NPPTA and Nghimtina case set for court on Friday

WINDHOEK: The case between the Minister of Works and Transport Erkki Nghimtina and the NPPTA on the recognition of only one bus and taxi union in Namibia, is set for the High Court on Friday.

The Namibia Public Passenger Transport Association (NPPTA) Secretary-General Nathan Africa told Nampa on Thursday that the union is optimistic about a positive outcome on the case.

“We expect that the court will order the minister to retract his statement, and hope to see the amendment of the Transportation Bill. Our application to the court is based on Article 21 of the Namibian Constitution which states that all persons shall have the right to freedom of association, which shall include freedom to form and join associations or unions, including trade unions and political parties,” he said.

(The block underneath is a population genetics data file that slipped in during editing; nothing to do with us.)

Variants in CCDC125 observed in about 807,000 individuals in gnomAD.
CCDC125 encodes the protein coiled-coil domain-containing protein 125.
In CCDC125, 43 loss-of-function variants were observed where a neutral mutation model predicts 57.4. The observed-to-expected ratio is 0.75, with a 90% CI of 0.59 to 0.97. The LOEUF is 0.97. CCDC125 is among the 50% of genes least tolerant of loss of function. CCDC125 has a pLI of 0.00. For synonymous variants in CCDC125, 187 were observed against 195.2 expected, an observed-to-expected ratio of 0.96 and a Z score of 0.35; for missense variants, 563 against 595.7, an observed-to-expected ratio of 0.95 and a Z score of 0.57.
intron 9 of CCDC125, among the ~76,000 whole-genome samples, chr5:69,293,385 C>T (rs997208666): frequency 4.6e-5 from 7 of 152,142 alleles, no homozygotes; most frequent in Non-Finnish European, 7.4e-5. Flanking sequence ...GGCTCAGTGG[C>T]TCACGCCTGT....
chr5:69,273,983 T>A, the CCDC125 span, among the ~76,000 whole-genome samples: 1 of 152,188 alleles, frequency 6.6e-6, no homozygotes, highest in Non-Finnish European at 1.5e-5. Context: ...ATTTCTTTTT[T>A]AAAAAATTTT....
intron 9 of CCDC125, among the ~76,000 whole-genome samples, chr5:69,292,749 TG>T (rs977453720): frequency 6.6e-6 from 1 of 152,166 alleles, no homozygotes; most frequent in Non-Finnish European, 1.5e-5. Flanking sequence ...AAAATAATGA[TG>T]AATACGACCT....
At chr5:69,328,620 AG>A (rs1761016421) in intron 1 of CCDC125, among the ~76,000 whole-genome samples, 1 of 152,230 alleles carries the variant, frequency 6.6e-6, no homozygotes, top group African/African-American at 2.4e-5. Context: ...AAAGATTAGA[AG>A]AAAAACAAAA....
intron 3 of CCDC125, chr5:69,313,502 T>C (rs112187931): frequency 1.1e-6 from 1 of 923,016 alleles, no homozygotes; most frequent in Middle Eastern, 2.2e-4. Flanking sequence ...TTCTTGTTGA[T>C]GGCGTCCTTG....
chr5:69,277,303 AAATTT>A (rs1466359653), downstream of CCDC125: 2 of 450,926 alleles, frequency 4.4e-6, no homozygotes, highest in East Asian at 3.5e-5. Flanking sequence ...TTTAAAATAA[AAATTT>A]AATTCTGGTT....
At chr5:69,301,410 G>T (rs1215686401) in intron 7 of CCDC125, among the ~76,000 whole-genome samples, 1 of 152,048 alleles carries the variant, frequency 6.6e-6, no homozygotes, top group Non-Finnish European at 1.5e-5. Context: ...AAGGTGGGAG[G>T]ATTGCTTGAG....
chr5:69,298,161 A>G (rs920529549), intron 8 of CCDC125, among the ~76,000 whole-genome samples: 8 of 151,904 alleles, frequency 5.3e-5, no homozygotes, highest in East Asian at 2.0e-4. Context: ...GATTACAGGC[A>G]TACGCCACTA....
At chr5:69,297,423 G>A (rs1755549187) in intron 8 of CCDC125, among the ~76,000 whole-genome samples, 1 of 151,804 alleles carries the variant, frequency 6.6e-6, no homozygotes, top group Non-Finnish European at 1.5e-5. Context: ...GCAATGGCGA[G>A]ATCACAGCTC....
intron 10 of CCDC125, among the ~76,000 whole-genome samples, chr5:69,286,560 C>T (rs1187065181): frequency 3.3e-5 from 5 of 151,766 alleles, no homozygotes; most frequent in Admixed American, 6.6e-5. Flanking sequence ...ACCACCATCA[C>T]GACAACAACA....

The NPPTA filed an application with the High Court of Namibia in November 2013, challenging the minister’s decision to recognise the Namibia Bus and Taxi Association (Nabta) as the only legally mandated association in the public transport sector.

In October last year, Nghimtina announced in a media statement that Nabta has fulfilled its obligation as required by law, and the ministry is satisfied with its Constitution and its Certificate of Registration from the Office of the Labour Commissioner.

However, NPPTA accused Nghimtina of being “brainwashed”, and that he is encouraging “the chaos that prevails in the industry”.

The Legal Assistance Centre (LAC), acting on the instructions of the NPPTA, requested the Minister of Works and Transport to retract the statement, but the minister stood by his decision, hence the latest legal challenge.

The NPPTA was set up in 2012, and only received its Certificate of Registration as an employers’ association on 07 October 2013.

It has about 800 members countrywide.